July 14, 2020

Volume X, Number 196

July 13, 2020

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Employee Recruiting Best Practice Reminders

If you are a hiring manager or human resources professional who posts job openings to your organization’s website, carefully review the content to ensure it is specific, clear and concise. Be aware that these postings will be picked up by other internet sites or job boards and that the language you use to describe the position will be taken verbatim from your posting.

Be sure that each posting describes the objective criteria, such as knowledge or skill sets, and avoids subjective language. This will allow the applicant to gain a better understanding of what your organization seeks and expects for the position. It also can save time for everyone by eliminating applicants who are unqualified or otherwise unsuited for the position.

When you are posting jobs on internet job boards, be sure you select sites that reach minority populations. A diverse workforce is highly desirable, and inclusive advertising practices can support your defense in the event of claims of bias in your selection process.

Finally, select candidates to interview whose resumes match the job requirements and reject those that do not. While employers with 15 or more employees must retain hiring records for each position for at least one year from the date the hiring decision is made to cover Title VII, ADA and ADEA requirements, it is recommended that you keep the resumes and applications of individuals who apply for advertised positions for at least three years.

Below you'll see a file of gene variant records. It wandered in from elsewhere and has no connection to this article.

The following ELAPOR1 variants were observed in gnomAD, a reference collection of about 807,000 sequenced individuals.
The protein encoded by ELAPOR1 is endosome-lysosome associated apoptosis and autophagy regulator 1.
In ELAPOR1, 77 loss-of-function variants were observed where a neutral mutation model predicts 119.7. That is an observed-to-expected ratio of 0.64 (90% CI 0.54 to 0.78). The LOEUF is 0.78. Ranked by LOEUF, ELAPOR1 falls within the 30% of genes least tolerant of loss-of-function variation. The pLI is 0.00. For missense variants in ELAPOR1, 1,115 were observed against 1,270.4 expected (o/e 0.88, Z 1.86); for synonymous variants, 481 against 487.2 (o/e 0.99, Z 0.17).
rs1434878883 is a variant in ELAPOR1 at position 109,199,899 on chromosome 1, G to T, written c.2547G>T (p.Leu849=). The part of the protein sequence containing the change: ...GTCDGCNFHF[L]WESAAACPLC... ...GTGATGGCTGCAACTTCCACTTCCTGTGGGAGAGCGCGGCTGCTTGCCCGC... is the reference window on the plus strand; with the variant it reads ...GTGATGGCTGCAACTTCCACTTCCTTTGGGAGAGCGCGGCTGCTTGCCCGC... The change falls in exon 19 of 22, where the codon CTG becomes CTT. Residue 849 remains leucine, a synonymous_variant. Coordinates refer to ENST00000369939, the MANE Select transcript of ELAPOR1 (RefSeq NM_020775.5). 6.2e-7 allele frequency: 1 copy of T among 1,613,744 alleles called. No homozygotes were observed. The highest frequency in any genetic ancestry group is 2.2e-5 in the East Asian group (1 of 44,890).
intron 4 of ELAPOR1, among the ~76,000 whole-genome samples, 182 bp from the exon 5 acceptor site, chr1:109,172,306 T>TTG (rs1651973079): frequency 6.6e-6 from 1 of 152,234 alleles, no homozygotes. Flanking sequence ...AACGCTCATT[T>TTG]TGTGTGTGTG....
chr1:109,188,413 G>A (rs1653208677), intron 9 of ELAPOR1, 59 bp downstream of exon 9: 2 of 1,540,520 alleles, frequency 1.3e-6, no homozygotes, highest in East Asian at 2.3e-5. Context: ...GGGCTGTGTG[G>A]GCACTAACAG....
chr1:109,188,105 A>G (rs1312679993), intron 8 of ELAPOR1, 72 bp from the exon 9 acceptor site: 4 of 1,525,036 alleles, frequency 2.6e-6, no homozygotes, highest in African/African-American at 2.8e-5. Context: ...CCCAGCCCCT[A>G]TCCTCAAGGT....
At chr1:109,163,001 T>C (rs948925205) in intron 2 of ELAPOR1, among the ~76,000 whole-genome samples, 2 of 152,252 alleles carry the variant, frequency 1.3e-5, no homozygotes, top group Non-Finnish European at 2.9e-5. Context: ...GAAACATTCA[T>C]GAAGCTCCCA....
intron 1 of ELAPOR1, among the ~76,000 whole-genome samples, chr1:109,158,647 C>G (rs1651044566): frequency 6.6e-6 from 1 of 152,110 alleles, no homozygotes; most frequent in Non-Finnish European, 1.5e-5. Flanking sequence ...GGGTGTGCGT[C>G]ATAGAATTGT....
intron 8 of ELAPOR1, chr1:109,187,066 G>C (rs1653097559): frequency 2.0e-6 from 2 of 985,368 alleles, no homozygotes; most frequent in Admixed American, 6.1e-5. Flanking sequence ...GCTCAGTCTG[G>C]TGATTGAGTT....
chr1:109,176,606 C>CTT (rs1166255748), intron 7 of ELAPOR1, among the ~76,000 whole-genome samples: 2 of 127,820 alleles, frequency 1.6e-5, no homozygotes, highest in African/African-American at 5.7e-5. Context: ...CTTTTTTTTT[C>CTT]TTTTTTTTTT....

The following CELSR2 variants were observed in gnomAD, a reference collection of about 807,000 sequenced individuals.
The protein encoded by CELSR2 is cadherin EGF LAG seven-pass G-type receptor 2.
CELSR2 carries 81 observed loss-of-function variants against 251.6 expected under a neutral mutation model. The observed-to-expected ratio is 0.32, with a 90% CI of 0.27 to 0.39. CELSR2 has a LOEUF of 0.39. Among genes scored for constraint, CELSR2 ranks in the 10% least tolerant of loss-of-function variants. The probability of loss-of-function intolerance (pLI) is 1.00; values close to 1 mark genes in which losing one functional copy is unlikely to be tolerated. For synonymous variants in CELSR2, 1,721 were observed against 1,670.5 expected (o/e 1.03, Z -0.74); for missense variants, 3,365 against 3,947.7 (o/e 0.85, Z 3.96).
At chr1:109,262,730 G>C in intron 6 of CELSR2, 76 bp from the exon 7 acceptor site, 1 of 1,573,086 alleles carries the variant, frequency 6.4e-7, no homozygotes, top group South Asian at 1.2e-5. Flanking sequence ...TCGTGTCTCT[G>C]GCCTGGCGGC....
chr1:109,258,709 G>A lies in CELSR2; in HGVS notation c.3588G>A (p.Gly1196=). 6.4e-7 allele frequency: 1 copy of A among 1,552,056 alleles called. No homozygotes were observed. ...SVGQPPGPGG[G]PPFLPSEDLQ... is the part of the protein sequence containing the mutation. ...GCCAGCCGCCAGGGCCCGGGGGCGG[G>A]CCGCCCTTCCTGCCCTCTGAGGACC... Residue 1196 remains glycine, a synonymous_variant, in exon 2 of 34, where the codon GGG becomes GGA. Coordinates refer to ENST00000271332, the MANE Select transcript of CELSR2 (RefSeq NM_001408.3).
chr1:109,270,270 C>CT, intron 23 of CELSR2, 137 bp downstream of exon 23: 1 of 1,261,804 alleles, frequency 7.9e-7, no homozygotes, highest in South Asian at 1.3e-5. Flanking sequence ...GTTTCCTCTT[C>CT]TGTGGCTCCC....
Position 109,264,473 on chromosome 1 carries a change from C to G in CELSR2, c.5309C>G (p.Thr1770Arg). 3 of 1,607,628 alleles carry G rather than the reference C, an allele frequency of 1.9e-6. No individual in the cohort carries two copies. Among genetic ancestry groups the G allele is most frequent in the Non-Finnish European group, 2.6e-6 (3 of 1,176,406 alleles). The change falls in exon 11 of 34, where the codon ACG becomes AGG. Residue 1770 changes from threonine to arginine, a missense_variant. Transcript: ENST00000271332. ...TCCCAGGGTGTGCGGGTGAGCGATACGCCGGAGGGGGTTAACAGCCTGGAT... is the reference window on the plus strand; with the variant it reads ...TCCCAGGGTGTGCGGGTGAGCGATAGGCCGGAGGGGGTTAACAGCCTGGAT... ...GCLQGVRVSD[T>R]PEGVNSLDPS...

© 2020 Wilson ElserNational Law Review, Volume VI, Number 222


About this Author

Jacqueline Harding, Employment Attorney, Wilson Elser Law Firm

Jacqueline Harding is well regarded for her service as chair of the firm’s Pro Bono Committee and her involvement in professional activities devoted to the advancement of women and minority attorneys. Jackie’s law practice focuses on labor and employment law in addition to product liability, business and health care litigation. In her practice, Jackie represents clients in state and federal courts, arbitrations, mediations, civil service commission hearings, EEOC/DFEH administrative hearings, and labor commission and OSHA hearings. She has litigated several class action lawsuits brought...


Diana Estrada represents employers in a wide variety of employment-related matters, including both defense of litigation and counseling regarding legal compliance. Diana is a member of the American Bar Association’s Labor & Employment Equal Opportunity Committee, which concerns itself with significant developments in employment discrimination law.

Diana’s priorities are her clients’ priorities. She approaches the handling of each case based on the clients’ particular business needs and goals. Once she has identified her clients’ definition of a “win,” she tailors her strategies to achieve it.